Why are opportunity reduction-based approaches to crime prevention attractive to policy-makers and what are the main problems associated with their theoretical bases and practical implication?
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Why are opportunity reduction-based approaches to crime prevention attractive to policy-makers and what are the main problems associated with their theoretical bases and practical implication? First this essay will explain what is meant by opportunity reduction based approaches (ORBA). It will give reasons why these approaches are attractive to policy makers and link this to a broader political context. The theoretical base will be examined in relation to social construction and also pointing out what crimes this approach doesn't address. The practical implication of ORBA are analysed such as the problem of displacement and the inequality this highlights. Then finally the uses, abuses and human rights issues regarding certain aspects of the technology associated with this method of crime prevention. ORBA are part of situational crime prevention which manipulates the environment as a method of trying to prevent crime. Situational research is divided into two measures, (1) increasing the chances of being caught and (2) reducing physical opportunities for crime (Clarke 1980). It is the latter that this essay is primarily concerned with, although the two measures do overlap. For example, installing closed-circuit television (CCTV) will reduce the opportunity for crime and increased the likely hood of being caught. Cohen and Felson (1979)
He suggests the reason for this is because it is easier to provide a leaflet with the advice to avoid certain areas, or check the back seats of cars than it is of advising women about 'trustworthy men. Bright (1991) comments that 'while situational crime prevention, theoretically, can reduce the estimated 70% of recorded crime thought to be opportunistic, it is unable to prevent many violent crimes such as some categories of assault, domestic violence, child abuse and racially motivated crime' (quoted in Walklate p316). Of course this also links back to again to why ORBA are attractive to policy makers as it is easier to provide legislation for public areas and also public crime is visible and it makes more political sense to tackle crime which the public can see. This means that opportunity reduction based approaches are theoretically and practically limited to attempting to prevent crime in the public domain. In the practical application of ORBA's there is the issue of displacement to consider. Displacement is based on the concern that if a criminal is prevented from committing a criminal offence in one place, he simply moves on to another. In other words there is a concern that the problem hasn't really gone away.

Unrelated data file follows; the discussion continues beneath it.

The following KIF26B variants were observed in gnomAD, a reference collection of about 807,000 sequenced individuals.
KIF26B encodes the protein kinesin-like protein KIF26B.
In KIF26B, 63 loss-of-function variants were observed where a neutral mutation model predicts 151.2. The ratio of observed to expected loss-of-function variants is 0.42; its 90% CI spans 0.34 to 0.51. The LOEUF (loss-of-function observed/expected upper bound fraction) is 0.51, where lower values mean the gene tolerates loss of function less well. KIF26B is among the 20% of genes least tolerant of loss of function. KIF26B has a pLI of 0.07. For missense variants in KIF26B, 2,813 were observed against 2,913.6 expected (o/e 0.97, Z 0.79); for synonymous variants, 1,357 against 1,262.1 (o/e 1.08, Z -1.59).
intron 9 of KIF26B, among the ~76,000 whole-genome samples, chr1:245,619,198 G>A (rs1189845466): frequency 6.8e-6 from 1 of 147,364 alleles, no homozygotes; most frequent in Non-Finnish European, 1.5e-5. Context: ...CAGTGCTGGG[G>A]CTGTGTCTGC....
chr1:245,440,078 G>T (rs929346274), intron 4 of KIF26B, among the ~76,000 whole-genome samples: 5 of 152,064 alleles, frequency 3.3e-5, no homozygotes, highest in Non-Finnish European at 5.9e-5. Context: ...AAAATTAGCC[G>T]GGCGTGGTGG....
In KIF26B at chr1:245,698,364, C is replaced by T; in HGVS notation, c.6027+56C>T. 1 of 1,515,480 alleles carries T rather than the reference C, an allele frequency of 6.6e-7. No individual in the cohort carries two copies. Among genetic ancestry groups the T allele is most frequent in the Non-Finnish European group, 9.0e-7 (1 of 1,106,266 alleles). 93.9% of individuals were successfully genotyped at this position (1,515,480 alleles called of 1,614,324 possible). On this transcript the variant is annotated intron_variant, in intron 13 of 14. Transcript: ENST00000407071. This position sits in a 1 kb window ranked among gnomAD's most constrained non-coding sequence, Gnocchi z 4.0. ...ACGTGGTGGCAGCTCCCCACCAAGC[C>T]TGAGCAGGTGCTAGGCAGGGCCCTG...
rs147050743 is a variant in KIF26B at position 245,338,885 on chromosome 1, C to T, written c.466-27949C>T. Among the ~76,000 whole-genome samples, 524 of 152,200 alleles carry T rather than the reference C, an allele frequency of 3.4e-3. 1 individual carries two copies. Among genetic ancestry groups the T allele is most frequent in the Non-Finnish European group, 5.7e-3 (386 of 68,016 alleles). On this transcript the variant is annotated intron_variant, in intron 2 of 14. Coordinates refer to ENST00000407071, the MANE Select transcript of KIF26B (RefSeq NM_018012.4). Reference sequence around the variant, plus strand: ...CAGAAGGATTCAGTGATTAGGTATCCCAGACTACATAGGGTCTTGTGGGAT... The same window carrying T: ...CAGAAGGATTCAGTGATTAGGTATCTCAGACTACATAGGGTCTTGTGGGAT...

To summarise, this essay explained ORBA as a method of crime prevention which is attractive to policy makers because it was simple and could be targeted at certain public area's, it also put the responsibility of crime prevention onto government agencies but mostly on to the victims who invited criminals by inadequate security. Currie (1991) argues that the market society actually perpetuates crime and Young points to capitalism as the expression of upper class fear. ORBA focus of crime is on the public area, this mean it misses crime in the private sphere. The practical application of ORBA brings the unfinished, and possibly unanswerable, issue of displacement and the inequality that this highlights. Finally the issue of advancing technology brings with it the issues of human rights and abuses for which the debates can't keep up, despite this there are positives to these technologies. In conclusion, I think ORBA are a good idea primarily because they do give people a sense of security which allows people to go about their daily lives in the public domain. Although until these defenses are available to everyone and the debate surrounding them has caught up to the technologies, then they remain the property of those can afford them and are also open to abuse. There is also the worry that crime measures will go too far and then we find ourselves in a Big Brother house scenario with every move we make scrutinized.
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